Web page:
They want a free choice of candidates. Until now the territory's chief executive has essentially been selected under a pro-Beijing mechanism.

On Monday, the British government called for the right to protest to be protected and for protesters to exercise their right within the law. That call was echoed by the US, with White House spokesman Josh Earnest calling on Hong Kong's authorities to show restraint.
"The United States supports universal suffrage in Hong Kong in accordance with the Basic Law and we support the aspirations of the Hong Kong people," Mr Earnest told reporters.
 
Map showing location of Hong Kong protests
A protester shouts slogans in the Central district of Hong Kong - 29 September 2014
The protesters are calling on Beijing to grant them fully democratic elections in 2017
Protesters rest on the side of a street in the Central district in Hong Kong - 29 September 2014
Correspondents said the demonstrators were tired after several days of protests but remained defiant
Police officers stand near a large group of pro-democracy protesters in the Wan Chai area of Hong Kong - 29 September 2014
The police force stood off of protesters on Monday night after being criticized for their actions on Sunday

As night fell, cheers rippled through the crowd. Many office workers joined the protesters or stood on bridges watching the remarkable scenes. The only jeering  occurred when protesters held up a huge portrait of Chief Executive CY Leung and carried it through the crowd.For the demonstrators he is now Public Enemy Number One and they have called on him to resign.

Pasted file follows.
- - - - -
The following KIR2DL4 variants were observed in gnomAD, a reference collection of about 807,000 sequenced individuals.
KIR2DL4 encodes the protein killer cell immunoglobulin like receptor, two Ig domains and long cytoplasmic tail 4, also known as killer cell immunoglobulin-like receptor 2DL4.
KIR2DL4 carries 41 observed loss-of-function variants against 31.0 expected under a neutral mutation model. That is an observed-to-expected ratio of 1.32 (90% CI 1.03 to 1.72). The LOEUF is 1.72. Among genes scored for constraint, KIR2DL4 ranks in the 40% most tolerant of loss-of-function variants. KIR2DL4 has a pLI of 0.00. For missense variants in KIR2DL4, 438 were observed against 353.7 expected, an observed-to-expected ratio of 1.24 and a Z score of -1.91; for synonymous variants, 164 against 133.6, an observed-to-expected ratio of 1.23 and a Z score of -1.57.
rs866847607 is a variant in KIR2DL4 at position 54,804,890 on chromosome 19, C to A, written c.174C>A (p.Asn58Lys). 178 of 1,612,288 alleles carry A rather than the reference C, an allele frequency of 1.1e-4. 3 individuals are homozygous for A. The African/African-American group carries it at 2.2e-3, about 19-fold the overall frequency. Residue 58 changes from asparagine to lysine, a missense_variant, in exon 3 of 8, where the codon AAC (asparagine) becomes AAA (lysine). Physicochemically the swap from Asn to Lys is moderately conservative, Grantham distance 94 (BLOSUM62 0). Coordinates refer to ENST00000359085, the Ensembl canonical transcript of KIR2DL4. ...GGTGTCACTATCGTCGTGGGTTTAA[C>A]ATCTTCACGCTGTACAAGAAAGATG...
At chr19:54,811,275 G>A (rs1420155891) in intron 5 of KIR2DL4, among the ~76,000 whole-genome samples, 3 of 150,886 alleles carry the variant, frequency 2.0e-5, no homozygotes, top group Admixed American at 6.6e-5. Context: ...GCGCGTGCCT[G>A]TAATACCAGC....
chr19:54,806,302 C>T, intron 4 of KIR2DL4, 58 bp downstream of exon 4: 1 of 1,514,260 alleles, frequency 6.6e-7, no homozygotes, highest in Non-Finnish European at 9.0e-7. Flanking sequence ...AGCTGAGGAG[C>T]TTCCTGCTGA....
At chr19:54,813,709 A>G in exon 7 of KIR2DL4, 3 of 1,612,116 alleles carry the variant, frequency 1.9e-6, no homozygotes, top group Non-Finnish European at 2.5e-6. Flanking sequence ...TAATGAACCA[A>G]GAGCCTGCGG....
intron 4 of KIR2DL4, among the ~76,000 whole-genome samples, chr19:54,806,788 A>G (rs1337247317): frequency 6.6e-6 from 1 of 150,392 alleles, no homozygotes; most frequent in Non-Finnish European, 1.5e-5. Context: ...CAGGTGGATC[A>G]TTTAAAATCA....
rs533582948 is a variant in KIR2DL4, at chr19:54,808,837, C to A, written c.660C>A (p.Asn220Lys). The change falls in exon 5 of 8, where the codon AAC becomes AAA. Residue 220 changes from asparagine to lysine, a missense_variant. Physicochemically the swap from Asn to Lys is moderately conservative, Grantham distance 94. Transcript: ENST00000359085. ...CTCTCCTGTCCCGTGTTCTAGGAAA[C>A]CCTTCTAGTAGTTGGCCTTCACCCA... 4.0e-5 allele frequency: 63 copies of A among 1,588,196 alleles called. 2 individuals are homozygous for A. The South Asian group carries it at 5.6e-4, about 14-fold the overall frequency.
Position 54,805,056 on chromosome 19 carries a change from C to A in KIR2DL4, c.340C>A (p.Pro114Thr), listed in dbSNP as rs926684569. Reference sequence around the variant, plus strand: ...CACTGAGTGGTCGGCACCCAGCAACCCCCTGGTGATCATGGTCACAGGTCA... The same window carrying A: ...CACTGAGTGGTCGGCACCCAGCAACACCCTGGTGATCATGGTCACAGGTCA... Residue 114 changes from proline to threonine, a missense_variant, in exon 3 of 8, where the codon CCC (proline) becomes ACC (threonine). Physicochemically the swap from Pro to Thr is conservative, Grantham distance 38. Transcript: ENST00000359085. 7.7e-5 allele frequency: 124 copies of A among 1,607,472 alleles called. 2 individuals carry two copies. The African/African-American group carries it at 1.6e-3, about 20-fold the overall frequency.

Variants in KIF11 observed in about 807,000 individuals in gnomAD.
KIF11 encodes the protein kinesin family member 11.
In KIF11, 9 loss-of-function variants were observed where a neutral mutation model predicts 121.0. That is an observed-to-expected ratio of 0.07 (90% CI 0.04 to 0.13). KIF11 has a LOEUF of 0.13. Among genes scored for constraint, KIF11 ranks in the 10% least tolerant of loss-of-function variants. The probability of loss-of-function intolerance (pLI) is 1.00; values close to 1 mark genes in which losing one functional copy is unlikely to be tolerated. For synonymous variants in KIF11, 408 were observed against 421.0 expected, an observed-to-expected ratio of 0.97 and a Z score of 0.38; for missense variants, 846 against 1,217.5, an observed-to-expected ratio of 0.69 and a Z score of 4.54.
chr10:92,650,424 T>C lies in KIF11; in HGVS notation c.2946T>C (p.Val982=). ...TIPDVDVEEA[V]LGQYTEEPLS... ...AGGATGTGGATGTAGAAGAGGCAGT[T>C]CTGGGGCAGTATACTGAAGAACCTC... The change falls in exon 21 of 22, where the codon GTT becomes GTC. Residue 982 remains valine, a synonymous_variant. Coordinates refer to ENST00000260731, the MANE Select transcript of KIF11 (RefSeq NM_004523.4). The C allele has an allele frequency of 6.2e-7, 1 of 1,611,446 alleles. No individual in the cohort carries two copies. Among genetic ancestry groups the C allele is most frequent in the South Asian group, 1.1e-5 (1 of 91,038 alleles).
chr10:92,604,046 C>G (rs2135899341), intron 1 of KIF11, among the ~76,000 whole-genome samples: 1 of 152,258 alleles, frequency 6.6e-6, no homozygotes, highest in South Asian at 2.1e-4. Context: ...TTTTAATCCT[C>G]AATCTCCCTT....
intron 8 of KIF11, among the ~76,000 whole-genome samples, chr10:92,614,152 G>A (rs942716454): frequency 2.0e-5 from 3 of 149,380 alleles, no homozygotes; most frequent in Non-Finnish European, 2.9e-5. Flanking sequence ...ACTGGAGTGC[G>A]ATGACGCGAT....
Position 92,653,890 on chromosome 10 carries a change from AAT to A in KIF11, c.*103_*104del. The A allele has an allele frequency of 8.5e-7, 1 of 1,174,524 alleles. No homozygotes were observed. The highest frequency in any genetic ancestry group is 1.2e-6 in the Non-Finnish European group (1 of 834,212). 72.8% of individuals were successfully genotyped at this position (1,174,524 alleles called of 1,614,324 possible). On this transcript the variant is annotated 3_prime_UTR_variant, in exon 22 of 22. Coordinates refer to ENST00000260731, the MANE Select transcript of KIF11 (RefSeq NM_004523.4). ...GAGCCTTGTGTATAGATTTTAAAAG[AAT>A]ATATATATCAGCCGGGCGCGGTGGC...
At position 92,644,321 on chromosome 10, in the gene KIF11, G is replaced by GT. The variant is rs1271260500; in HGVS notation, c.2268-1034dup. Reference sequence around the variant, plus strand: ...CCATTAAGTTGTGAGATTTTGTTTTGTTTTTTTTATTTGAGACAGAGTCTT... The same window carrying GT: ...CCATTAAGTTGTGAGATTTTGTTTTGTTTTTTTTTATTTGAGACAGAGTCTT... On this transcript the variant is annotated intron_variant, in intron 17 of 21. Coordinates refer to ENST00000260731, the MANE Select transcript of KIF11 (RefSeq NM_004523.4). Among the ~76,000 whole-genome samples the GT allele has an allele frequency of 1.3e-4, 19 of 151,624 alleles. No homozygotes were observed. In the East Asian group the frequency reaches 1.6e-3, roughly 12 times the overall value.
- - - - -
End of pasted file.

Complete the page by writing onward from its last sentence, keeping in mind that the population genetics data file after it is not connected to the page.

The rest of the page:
Many other people in Hong Kong are not on the streets and think the protesters are pushing their luck with Beijing. They also fear that growing protests could lead to instability, and the possible flight of capital.
Dozens of protesters were arrested overnight on Sunday amid angry scenes that saw riot police fire tear gas into large crowds. Cheung Tak-keung, assistant commissioner of police for operations, insisted police had used the "bare minimum force". He said 41 people, including 12 police officers, had been injured since protests broke out.